I'll take Mercurial over git any day for all the reasons obvious to anyone who's really used both of them, but geeyah github sure makes contributing to projects easy. At work we had a ten minute MongoDB upgrade downtime turn into two hours, and when we finally figured out what deprecated option was causing the daemon launch to abort, rather than grouse about it on Twitter (okay, I did that too) I was able to submit a one line patch without even cloning down the repository that got merged in.
On the more-substantial side I fixed some crash bugs in dircproxy. It had been running rock solid for me for a few years, but a recent libc upgrade that added some memory checking had it crashing a few times a day. Now (with the help of Nick Wormley) I was able to fix some (rather egregious) memory gaffs. I guess this is the oft trumpeted advantage of open source software in the first place -- I had software I counted on that stopped working and I was able to fix. Really though it was just fun to fire up gdb for the first time in ages.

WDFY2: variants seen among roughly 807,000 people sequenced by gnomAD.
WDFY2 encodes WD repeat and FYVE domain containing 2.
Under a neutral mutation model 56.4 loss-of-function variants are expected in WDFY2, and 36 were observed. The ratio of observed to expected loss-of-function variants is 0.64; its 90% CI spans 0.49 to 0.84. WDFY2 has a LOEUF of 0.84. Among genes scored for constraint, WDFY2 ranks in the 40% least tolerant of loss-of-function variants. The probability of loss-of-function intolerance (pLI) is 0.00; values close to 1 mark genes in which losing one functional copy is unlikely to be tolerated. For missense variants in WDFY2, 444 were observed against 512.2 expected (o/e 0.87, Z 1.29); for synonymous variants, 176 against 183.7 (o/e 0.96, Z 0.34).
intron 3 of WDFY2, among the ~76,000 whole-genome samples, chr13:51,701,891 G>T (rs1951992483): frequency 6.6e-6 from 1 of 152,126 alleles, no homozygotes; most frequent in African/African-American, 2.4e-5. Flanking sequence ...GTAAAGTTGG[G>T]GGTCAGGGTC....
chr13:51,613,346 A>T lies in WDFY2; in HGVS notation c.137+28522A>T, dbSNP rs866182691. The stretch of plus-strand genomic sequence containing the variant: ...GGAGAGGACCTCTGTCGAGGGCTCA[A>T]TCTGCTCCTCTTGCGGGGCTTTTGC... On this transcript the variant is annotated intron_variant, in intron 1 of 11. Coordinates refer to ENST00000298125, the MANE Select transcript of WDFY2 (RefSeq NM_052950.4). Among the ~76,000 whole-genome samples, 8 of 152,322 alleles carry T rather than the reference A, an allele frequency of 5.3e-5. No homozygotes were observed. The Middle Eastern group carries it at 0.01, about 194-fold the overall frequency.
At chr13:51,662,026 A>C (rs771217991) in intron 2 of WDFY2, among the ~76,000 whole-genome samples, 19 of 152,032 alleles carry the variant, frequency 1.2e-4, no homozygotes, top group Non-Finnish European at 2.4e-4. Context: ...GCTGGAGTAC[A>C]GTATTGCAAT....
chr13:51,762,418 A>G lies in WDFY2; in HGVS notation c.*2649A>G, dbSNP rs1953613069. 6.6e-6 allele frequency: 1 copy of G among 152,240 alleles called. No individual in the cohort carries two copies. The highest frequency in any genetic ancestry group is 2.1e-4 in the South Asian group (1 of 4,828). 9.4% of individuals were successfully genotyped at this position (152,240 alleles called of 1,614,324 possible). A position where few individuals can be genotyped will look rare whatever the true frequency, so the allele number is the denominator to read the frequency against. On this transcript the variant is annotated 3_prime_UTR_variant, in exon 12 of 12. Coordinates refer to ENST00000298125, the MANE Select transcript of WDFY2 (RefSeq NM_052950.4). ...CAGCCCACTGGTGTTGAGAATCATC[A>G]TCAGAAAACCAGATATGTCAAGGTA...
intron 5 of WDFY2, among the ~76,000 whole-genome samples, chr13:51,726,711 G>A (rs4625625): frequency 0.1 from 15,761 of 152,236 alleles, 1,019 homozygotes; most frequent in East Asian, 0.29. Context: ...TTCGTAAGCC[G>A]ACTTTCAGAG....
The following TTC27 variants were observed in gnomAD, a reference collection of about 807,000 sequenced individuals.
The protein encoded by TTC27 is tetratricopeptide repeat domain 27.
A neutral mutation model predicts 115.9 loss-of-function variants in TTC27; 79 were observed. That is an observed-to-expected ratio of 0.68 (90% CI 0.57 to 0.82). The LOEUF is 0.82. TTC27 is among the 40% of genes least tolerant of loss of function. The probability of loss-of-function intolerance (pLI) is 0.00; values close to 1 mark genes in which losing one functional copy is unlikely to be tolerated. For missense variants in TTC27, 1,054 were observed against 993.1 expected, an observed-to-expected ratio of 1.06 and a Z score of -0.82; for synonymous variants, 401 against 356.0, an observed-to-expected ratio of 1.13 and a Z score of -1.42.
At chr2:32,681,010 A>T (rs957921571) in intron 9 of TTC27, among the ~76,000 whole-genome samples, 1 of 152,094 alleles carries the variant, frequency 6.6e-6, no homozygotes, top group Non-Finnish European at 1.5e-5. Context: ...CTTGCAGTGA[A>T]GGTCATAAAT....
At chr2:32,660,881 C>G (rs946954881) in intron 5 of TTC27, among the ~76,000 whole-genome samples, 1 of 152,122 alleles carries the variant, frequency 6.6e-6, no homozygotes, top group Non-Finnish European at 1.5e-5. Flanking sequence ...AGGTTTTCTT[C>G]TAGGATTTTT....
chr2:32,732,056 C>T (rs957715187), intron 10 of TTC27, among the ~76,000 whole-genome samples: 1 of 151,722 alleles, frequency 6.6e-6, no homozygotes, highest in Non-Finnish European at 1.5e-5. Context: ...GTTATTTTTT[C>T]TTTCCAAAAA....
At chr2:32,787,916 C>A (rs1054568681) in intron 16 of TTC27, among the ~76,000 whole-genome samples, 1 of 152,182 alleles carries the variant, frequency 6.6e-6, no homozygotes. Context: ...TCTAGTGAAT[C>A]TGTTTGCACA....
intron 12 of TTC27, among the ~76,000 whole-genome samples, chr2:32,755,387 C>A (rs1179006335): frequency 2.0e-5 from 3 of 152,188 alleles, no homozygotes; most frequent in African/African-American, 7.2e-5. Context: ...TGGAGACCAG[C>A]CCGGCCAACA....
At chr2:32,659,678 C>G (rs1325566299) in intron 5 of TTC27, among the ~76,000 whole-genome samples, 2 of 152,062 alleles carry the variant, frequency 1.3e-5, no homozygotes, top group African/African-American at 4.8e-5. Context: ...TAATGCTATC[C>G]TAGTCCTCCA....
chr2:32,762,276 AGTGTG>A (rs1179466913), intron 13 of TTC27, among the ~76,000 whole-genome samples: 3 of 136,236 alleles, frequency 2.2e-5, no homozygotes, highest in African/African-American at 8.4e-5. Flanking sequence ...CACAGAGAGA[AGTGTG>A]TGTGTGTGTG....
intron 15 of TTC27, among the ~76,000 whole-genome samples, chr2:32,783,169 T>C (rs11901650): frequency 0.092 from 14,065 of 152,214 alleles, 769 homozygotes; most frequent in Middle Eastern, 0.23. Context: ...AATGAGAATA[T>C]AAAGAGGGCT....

Finally, I was able to take some hours at work and contribute a cookbook for chef to add the New Relic monitoring agent to our many ec2 instances. It may never see a single download, but it's nice to know that if someone wants to use chef to add their systems to the New Relic monitoring display they don't have to start from scratch.
I've been living in a largely open source computing environment for fifteen years, but the barrier to entry as minor contributor has never been so low.
Previously I mentioned I was importing the full corpus of BoingBoing posts into MonogoDB, which went off without a hitch. The import was just to provide a decent dataset for trying out Rogue, the Mongo searching DSL from the folks at Foursquare. Last weekend I was in New York for the Northeast Scala Symposium and the Foursquare Hackathon, so I took the opportunity finish up the query part while I had their developers around to answer questions.
I want to play around with Rogue by the Foursquare folks, but first I needed a decent sized collections of items in a MongoDB. I recalled that BoingBoing had just released all their posts in a single file, so I downloaded that and put together a little Scala to convert from XML to JSON. The built-in XML support in Scala and the excellent lift-json DSL turned the whole thing into no work at all:
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